A large family with about 609 genera and about 13,673 species, with a tropical and subtropical distribution. These are trees, shrubs and herbaceous plants with simple leaves, inflorescences generally cymose and flowers usually hermaphrodite, actinomorphic. Corollas infundibuliform or generally rotate with 4-5 lobes. Ovary inferior, bilocular and fruit in capsule, berry or drupe.

An economically important family, including plants such as coffee or quinine. In North Africa most of its species are herbaceous, often thermophytes in poor, ruderal or weedy soils. The only genus with woody representatives of good size is Rubia, mainly lianas with more or less woody stock.

The other genus of this family that has woody species in North Africa is Plocama Aiton, with 4 species, all of them small chamaephytes, 10-50(80) cm in height, with opposite leaves, tetramerous flowers and fruit in drupe with 2 mericarps.

The largest species is P. reboudiana (Coss. & Durieu) M.Backlund & Thulin [Gaillonia reboudiana Coss. & Durieu, Jaubertia reboudiana (Coss. & Durieu) Ehrend. & Schönb.-Tem.] (Ara.: Sedrat, Cheikh), characterised by its linear leaves, from subcylindrical to cylindrical, fleshy; flowers (in pairs) surrounded by a dense involucre formed by linear bracts, sparse but covered in long white cilia. It grows in the driest areas of the southern Mediterranean region and the northern Sahara, in Morocco, Algeria and Tunisia.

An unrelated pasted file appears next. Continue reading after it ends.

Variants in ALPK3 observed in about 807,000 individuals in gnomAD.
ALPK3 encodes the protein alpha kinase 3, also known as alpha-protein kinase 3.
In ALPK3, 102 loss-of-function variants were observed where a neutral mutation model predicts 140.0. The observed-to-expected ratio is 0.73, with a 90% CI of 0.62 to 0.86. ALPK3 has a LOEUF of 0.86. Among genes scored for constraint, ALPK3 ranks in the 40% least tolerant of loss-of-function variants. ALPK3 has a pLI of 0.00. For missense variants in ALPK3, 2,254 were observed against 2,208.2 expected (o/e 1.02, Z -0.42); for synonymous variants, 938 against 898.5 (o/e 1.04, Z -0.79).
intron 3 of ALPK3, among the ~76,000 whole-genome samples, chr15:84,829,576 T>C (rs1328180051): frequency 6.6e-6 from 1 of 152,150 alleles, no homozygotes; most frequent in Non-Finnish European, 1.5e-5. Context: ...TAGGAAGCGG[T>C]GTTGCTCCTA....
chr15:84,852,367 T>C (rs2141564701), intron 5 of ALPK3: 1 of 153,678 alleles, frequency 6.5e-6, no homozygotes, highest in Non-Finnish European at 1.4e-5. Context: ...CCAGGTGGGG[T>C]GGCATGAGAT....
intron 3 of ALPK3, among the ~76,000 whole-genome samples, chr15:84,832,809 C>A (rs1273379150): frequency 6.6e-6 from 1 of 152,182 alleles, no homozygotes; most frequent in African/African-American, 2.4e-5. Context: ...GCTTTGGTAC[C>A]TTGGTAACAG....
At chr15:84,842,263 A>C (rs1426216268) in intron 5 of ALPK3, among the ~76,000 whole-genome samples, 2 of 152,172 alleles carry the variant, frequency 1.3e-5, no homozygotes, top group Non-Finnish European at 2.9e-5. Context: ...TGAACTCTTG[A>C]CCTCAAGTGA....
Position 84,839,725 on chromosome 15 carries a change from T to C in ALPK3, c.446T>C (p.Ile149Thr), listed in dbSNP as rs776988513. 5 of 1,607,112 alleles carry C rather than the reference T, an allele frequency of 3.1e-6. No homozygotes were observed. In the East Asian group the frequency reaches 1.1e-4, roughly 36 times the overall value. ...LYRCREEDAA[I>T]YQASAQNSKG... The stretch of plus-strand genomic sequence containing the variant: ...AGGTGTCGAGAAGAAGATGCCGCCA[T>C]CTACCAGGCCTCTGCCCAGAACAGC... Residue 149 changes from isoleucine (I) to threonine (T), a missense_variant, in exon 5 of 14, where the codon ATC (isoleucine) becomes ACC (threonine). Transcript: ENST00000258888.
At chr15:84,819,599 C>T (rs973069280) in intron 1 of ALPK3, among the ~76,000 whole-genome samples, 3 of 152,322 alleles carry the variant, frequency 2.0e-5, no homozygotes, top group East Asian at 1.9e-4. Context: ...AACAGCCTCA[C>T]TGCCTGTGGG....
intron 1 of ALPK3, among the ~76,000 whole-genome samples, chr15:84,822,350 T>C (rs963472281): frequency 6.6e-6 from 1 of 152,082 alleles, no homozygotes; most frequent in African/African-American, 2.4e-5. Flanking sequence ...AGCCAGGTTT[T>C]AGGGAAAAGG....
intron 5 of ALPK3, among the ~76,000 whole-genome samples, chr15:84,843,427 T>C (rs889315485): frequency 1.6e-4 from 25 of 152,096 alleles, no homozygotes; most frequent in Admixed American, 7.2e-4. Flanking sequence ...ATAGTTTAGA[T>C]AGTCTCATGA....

The other 3 species do not have that showy involucre. More broadly distributed, since it reaches Libya, is P. calabrica (L.f.) M.Backlund & Thulin [Asperula calabrica L.f., Putoria calabrica (L.f.) DC., Putoria hispanica Boiss. & Reut.], with obovate to elliptical leaves, not too fleshy, and flowers grouped in cymes of 6-15. P. brevifolia (Coss. & Dur. ex Pomel) M.Backlund & Thulin (Putoria brevifolia Coss. & Dur. ex Pomel) in endemic to Morocco; it is characterised by its small leaves, broadly lanceolate, fleshy, and its solitary flowers. Finally, P. calycoptera (Decne.) M.Backlund & Thulin [Spermacoce calycoptera Decne., Pterogaillonia calycoptera (Decne.) Lincz.], from the Middle East, from Egypt to Pakistan; in North Africa it only grows in Egypt. It can be distinguished by its linear leaves, somewhat fleshy, and flowers generally solitary.

Fairly common and widely distributed species. Currently, they have not been assessed at a global level in the IUCN Red List of Threatened Species.

Updated by: H. Sainz & J. Charco.